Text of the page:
"I have a sore throat from yelling at my son. Am I a terrible person?"

Tonight, I yelled at my son until my throat was sore.

He’s not even three. A tiny little thing. And he bore the full brunt of my frustration.

It was all about bedtime. It always is.

He’s going through a phase when he just refuses to go to bed. We do all the usual things, bath, books, milk, cuddles, but every time we put him in his bed, he just gets right out again. Singing, smiling dancing. Jumping, throwing, running. Very, very far from sleeping.

This is cute, the first three times.

This is Holly’s son, Billy.

“Come on, monster. Back to bed…” and you gather him up, in his soft, flannelly winter pyjamas and smell his sweaty little curls and kiss him on the head, and deliver him back to his pillow.”Good night, baby boy. Love you.”

But then he does it again. And again. And again.

Threats don’t work. Consequences don’t work. He’s woken up his sister now, with his lively yelps (or maybe that was you, with your rising voice?) and she’s complaining that she’s tired, that he’s keeping her awake. Can’t you do something about it?

Before you know it, it’s been an hour, it’s getting late, you haven’t eaten, you need to do some work, you need to talk to your partner about your day. And he WON’T GO TO BED.

You think he’s finally gone down, and then he pops up at the living room door, dancing a happy jig, smiling like there’s nothing wrong.

And you want to scream. So you do.

It’s hard to explain to anyone who isn’t parenting a tiny child how completely infuriating it can be at times.

Holly’s son Billy walking in his Dads shoes.

How the smallest things – a  perceived bedtime, a child who clearly hasn’t been exhausted enough today, when added to an equation with a long work day, a stressful meeting, a doctor’s appointment, a conversation you haven’t had, can conspire to make you feel like it’s the End Of Times.

And then you yell, and scream, and you throw him down on his pillow. And he’s scared, and he starts to cry.

And he stops getting out of bed.

You feel like the world’s worst person. Like someone who doesn’t deserve these beautiful, spirited children, bursting with health and mischief. Like an ungrateful person, like a tyrant who is doing irreparable damage.

No, you’re not smoking bongs on the toilet, but you are capable of completely losing your cool when your child doesn’t want to be quiet, to disappear, to let you get on with the peaceful, adult part of your day.

It isn’t easy to admit to these moments. The times you worry about the neighbours overhearing.

But that’s parenting. And it isn’t easy. And we have learned that sharing moments like this one ease the guilt. Because as long as I’m sharing it with other parents of small children, they will likely nod, and put a hand on my arm, and tell me that I’m not alone, that they also lose their shit over inconsequential things, that they sometimes get the white rage. They will tell me a story of a time when they did something just the same.

Holly’s lovely family – Billy on the left and Matilda on the right.

And sometimes it’s nowhere near as bad, and you don’t know what to say. And sometimes, it’s far, far worse, and you really don’t know what to say. But this is what parents do. They share war stories, they seek solace.

Which is why it freaks the shit out of us when someone doesn’t follow the script.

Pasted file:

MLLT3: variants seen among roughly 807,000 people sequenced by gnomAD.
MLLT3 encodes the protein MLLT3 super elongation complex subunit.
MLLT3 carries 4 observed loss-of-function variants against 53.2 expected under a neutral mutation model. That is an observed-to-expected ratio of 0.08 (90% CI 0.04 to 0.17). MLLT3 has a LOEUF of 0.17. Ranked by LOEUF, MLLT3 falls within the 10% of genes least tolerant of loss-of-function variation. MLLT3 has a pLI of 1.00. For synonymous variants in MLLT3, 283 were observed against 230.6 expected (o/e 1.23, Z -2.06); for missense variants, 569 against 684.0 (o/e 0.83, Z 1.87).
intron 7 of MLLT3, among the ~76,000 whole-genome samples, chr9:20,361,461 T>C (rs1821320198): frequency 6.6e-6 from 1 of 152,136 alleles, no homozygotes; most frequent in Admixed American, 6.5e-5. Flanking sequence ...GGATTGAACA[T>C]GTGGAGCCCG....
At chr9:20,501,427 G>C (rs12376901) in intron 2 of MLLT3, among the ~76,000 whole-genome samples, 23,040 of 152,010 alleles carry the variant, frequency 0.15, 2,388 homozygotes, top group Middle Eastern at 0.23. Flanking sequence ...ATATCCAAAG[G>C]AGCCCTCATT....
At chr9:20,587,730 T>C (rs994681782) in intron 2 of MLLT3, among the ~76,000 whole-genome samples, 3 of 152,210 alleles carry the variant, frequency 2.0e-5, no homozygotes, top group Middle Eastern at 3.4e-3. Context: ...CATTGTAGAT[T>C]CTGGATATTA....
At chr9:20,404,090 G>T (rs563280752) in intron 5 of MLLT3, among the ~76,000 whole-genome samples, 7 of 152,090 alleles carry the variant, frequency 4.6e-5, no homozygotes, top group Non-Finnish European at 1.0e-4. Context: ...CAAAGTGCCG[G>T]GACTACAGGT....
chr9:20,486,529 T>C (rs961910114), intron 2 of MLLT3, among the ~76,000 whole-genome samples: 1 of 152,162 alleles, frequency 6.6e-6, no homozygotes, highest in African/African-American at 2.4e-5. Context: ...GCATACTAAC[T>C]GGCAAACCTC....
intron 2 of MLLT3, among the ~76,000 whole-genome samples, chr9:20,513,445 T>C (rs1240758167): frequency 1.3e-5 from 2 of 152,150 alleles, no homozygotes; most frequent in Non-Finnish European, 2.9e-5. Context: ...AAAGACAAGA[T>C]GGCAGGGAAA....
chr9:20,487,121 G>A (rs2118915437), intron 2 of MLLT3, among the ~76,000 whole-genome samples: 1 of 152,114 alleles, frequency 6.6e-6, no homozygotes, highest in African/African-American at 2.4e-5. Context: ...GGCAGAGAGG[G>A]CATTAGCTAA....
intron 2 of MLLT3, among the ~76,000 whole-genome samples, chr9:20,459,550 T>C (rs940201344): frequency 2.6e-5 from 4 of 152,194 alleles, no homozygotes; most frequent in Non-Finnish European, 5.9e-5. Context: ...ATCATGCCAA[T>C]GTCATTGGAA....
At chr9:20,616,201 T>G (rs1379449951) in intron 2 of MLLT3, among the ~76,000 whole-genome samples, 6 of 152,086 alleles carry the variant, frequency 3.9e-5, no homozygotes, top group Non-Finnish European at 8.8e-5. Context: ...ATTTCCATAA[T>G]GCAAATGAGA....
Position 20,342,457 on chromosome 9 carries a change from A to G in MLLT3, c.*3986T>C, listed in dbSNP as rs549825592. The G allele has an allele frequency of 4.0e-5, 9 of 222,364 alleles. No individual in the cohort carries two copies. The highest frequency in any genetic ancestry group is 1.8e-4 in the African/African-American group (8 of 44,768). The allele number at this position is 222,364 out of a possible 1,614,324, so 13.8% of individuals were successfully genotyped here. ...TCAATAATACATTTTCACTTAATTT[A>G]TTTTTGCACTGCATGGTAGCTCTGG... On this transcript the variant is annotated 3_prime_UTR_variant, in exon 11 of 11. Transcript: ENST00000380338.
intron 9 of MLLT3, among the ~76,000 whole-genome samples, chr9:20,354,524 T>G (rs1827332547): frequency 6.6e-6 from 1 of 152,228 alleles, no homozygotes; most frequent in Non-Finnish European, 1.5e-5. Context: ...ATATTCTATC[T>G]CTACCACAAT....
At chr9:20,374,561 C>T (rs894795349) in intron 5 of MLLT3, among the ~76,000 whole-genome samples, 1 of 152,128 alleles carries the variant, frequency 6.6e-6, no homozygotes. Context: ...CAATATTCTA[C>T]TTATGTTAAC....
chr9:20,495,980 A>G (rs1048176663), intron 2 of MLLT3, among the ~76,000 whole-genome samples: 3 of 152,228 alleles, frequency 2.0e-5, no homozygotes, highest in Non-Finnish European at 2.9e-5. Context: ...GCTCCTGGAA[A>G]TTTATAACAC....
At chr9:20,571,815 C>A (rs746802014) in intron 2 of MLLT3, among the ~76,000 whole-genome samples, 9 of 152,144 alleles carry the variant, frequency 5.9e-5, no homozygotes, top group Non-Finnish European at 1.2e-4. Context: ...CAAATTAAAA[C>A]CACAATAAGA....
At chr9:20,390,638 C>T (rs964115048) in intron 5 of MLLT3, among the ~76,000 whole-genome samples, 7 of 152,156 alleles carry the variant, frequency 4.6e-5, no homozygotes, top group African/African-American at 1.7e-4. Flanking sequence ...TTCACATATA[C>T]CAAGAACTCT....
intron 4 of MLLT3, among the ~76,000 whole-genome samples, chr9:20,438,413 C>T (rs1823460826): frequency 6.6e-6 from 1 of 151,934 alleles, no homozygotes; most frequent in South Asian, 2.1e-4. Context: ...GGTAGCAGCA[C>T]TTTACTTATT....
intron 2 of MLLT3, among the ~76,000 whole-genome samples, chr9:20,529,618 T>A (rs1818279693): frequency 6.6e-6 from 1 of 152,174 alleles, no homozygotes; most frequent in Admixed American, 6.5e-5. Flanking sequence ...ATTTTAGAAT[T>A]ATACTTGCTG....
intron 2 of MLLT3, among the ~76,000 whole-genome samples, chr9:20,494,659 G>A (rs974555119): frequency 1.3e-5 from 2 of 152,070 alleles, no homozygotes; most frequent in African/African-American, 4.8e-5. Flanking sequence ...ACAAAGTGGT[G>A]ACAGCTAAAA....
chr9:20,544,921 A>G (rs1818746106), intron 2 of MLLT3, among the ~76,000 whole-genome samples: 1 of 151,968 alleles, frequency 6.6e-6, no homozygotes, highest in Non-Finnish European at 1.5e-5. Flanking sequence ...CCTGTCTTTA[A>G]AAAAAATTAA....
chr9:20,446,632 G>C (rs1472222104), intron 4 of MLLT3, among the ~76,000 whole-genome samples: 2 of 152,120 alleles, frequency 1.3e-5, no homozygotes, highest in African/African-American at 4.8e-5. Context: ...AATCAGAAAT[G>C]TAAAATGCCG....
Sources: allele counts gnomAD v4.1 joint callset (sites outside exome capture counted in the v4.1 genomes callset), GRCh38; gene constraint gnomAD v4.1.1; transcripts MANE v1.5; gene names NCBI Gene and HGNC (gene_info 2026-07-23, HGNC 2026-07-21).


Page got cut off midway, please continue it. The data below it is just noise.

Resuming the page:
When someone says, “No, my children don’t annoy me. And I do my absolute best not to shout at them. Being a parent is a privilege. I am beyond lucky to be here, doing this, and I try to remember that every day.”

I met someone like that last week.

I met Jacinta Tynan. You can listen to our meeting, here.

She is an accomplished and successful journalist, broadcaster and writer. And she also has two little kids, the same age as mine.

You might remember that Jacinta infuriated a whole army of parents with a column she wrote after the birth of her son. It was called The Big Easy, and it was about how, after coming to motherhood later in life and having heard nothing but horror stories, she was taken aback by how easy, how enjoyable it was.

She speaks about parenting with the calm joy of a person who truly does know how lucky they are, and how close they came to missing out.

In many ways, it is far easier to tell the war stories than the love stories.

“In many ways, it is far easier to tell the war stories than the love stories.”

I don’t tell people about the complete peace I feel when I have one of my children under each arm early in the morning, and we’re just quietly watching TV together. Or the way it makes me feel when my son crawls up into my lap for no good reason, and puts his head on my chest. It’s something he does so rarely, being the Daddy’s boy that he is, and when he does, I feel like I just won… everything.

It’s hard to talk about how sometimes, when I look into my daughter’s face I see myself and my mother, and people who have long since left us, and I see my girl, and her future, and it all comes rushing towards me as she smiles and I am awash with emotion and connection and feelings that I don’t know the words for.

It’s hard to talk about that stuff.

It’s easier to talk about struggle. And what a shitty parent I am after a long day.

The full episode of the podcast is here:

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Do you think we don’t share enough good stories about parenting? 

Have some spare time? Try these:

15 jobs mothers do before 9am writes Holly Wainwright.

“There’s one really good reason why my kids are always dirty.”

Why the ‘dumb dads’ myth is holding us back.

“I walked in on my kids playing ‘mums and dads’.”

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